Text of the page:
What Can You Do When the Police Accidentally Destroy Evidence that’s a Part of Your Maryland Criminal Case?

When the police destroy evidence that was relevant to your case, that’s potentially a huge problem, as you’ll never know if that proof could have strengthened your case. When that happens — whether the destruction was accidental or intentional — there are steps you can take. When it comes to this and other procedural matters, having an experienced Maryland criminal defense lawyer on your side can help you maximize the protection of your rights.

Missing evidence was key to one Montgomery County man’s recent criminal case and a reversal of his conviction.

21-year-old E.M. was on trial for the alleged sexual assault of a 15-year-old girl. In the case’s initial stages, a Montgomery County detective interviewed the girl and her parents. The police department recorded the interviews but later deleted them after the detective made a computer keystroke error that resulted in the failure to preserve the recordings in “indefinite storage.”

At the end of both sides’ presentation of evidence at trial, the defense asked the judge to issue a “missing evidence” instruction. That instruction would have counseled the jury that the police had destroyed evidence by failing to preserve the recordings and that, if the evidence’s absence “was not sufficiently accounted for or explained,” the jury had the option to decide that the missing evidence would have been favorable to the defense.

The judge declined to give the instruction and the jury convicted E.M.

This failure, according to the Appellate Court, was a harmful error that required a reversal of the accused man’s conviction. The appeals court noted that the missing evidence was “highly relevant,” as the prosecution predicated its case heavily upon the girl’s testimony. Given that background, the defense clearly could have used the recordings of the police interviews to call the girl’s recollection of events into question and to expose inconsistencies between what she told the jury versus what she told the detective.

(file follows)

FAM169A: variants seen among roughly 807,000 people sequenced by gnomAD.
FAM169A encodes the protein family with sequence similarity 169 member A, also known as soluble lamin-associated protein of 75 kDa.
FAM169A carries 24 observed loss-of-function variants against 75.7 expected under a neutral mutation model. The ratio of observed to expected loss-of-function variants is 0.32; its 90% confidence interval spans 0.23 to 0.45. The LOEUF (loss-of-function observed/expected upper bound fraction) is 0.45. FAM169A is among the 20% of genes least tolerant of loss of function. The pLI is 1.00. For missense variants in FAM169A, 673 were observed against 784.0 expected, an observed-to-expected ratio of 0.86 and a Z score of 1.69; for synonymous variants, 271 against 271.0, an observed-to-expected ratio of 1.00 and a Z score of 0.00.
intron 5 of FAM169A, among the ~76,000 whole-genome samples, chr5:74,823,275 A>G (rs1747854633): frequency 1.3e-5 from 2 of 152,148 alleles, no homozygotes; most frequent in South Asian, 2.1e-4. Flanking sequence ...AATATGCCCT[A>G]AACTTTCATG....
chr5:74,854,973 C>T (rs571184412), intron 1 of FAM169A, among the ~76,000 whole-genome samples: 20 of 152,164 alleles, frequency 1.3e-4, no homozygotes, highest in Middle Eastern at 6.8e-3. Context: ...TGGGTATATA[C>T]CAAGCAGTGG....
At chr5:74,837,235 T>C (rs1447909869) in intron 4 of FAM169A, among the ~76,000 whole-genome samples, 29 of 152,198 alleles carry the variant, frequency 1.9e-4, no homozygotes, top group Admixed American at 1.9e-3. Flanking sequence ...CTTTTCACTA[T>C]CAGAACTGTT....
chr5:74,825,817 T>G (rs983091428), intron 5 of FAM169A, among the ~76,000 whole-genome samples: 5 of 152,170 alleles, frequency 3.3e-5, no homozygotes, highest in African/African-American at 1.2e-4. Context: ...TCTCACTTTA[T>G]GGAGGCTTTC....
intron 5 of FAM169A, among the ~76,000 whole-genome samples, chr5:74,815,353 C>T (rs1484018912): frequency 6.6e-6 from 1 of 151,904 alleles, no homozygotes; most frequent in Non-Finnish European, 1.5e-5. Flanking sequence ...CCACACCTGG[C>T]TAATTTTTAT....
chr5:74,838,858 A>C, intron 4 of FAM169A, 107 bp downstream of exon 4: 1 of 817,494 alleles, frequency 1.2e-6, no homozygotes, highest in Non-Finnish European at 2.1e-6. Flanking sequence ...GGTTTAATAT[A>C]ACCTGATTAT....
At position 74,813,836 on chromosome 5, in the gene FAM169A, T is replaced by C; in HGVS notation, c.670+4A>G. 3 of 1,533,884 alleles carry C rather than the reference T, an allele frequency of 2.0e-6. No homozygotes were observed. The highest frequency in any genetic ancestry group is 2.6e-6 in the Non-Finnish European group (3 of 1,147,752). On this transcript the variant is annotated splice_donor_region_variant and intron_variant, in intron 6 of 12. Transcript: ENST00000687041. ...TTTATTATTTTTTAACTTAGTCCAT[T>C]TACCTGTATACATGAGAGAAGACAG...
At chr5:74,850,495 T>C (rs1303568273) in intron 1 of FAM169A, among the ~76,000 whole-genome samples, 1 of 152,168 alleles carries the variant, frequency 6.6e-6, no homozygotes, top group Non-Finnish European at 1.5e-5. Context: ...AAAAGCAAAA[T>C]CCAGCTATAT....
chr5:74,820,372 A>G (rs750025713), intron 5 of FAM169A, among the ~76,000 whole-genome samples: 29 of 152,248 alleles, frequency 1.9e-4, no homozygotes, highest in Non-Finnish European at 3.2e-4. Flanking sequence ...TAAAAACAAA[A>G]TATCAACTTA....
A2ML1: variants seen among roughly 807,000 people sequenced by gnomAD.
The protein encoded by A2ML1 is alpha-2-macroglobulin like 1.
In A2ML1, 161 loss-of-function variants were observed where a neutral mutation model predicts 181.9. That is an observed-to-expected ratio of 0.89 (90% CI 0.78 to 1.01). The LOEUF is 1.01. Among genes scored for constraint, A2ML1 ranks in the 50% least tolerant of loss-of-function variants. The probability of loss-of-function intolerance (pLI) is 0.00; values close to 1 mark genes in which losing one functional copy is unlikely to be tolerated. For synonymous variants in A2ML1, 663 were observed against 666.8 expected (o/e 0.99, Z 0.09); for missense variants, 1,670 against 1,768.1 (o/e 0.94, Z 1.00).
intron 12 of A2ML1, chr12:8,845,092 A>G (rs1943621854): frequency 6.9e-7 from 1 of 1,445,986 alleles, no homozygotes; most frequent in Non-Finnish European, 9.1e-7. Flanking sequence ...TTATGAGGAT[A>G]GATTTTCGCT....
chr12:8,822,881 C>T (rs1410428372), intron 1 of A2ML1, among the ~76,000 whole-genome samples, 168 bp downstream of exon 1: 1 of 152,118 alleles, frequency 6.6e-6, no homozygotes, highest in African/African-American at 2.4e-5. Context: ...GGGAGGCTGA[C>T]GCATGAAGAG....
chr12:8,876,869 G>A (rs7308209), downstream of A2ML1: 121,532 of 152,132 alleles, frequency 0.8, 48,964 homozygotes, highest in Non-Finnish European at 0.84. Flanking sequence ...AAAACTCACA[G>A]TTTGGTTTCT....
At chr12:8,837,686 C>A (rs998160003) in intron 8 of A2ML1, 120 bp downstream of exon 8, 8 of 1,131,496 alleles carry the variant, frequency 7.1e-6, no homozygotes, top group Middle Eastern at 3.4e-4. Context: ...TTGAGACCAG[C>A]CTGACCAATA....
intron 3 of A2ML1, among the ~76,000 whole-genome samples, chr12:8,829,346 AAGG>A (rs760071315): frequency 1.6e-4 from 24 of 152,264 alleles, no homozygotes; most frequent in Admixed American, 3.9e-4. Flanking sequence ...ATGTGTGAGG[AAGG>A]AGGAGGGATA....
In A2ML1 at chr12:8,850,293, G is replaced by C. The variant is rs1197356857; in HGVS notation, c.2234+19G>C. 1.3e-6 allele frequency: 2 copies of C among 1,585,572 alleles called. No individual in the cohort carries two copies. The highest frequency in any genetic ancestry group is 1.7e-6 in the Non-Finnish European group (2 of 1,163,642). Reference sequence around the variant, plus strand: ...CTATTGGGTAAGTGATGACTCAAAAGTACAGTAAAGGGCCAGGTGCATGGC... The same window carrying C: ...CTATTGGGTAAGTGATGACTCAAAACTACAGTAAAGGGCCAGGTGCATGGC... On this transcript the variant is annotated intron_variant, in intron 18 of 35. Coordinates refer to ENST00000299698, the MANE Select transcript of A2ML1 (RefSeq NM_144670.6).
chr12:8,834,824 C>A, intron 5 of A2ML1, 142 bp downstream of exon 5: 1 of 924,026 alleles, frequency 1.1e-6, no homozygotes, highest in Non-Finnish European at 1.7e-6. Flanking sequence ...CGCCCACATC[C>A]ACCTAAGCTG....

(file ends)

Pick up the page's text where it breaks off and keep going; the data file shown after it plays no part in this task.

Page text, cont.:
You Don’t Have to Prove the State Acted Maliciously

Additionally, the court’s ruling in favor of the accused makes it clear that an accused person is entitled to seek a missing evidence jury instruction whenever the missing evidence was highly relevant, regardless of whether the authorities destroyed the evidence in question on purpose or accidentally.

The state argued unsuccessfully that an accused person should only be entitled to a jury instruction if the destruction was intentional, meaning that — because the detective in E.M.’s case merely destroyed the recordings through an innocent computer keystroke error — E.M. was not entitled to the instruction. The appeals court, however, interpreted the seminal Supreme Court case on the issue — 2010’s Cost v. State — as directing trial courts to issue the instruction even if the destruction was solely the result of negligence and devoid of bad intent.

When you are accused of a crime (or under investigation in a criminal matter,) you need a diligent legal advocate fighting for you and protecting your rights. Reach out to the knowledgeable Maryland criminal defense attorneys at Anthony A. Fatemi, LLC immediately. Contact us today at 301-519-2801 or via our online form to set up your consultation so that we can get started building your defense.

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